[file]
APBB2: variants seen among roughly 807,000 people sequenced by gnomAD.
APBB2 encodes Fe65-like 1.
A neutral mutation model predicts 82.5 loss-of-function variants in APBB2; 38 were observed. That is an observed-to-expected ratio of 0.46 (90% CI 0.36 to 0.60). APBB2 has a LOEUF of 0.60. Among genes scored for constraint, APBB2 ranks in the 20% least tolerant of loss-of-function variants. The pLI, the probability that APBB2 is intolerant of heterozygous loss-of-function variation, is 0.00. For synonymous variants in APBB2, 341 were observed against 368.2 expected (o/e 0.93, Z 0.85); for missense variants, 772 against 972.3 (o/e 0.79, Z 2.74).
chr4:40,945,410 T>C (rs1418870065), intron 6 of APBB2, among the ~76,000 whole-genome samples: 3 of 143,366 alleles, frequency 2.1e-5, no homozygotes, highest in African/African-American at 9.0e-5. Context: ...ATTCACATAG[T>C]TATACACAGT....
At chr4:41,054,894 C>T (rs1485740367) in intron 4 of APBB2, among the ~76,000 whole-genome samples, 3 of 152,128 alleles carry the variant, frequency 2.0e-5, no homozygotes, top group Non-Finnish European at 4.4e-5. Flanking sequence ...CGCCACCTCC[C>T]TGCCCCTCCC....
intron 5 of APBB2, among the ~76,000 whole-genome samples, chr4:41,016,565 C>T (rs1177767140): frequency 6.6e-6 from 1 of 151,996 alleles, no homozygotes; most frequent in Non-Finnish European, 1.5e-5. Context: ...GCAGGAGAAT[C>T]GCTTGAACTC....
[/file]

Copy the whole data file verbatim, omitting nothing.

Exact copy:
APBB2: variants seen among roughly 807,000 people sequenced by gnomAD.
APBB2 encodes Fe65-like 1.
A neutral mutation model predicts 82.5 loss-of-function variants in APBB2; 38 were observed. That is an observed-to-expected ratio of 0.46 (90% CI 0.36 to 0.60). APBB2 has a LOEUF of 0.60. Among genes scored for constraint, APBB2 ranks in the 20% least tolerant of loss-of-function variants. The pLI, the probability that APBB2 is intolerant of heterozygous loss-of-function variation, is 0.00. For synonymous variants in APBB2, 341 were observed against 368.2 expected (o/e 0.93, Z 0.85); for missense variants, 772 against 972.3 (o/e 0.79, Z 2.74).
chr4:40,945,410 T>C (rs1418870065), intron 6 of APBB2, among the ~76,000 whole-genome samples: 3 of 143,366 alleles, frequency 2.1e-5, no homozygotes, highest in African/African-American at 9.0e-5. Context: ...ATTCACATAG[T>C]TATACACAGT....
At chr4:41,054,894 C>T (rs1485740367) in intron 4 of APBB2, among the ~76,000 whole-genome samples, 3 of 152,128 alleles carry the variant, frequency 2.0e-5, no homozygotes, top group Non-Finnish European at 4.4e-5. Flanking sequence ...CGCCACCTCC[C>T]TGCCCCTCCC....
intron 5 of APBB2, among the ~76,000 whole-genome samples, chr4:41,016,565 C>T (rs1177767140): frequency 6.6e-6 from 1 of 151,996 alleles, no homozygotes; most frequent in Non-Finnish European, 1.5e-5. Context: ...GCAGGAGAAT[C>T]GCTTGAACTC....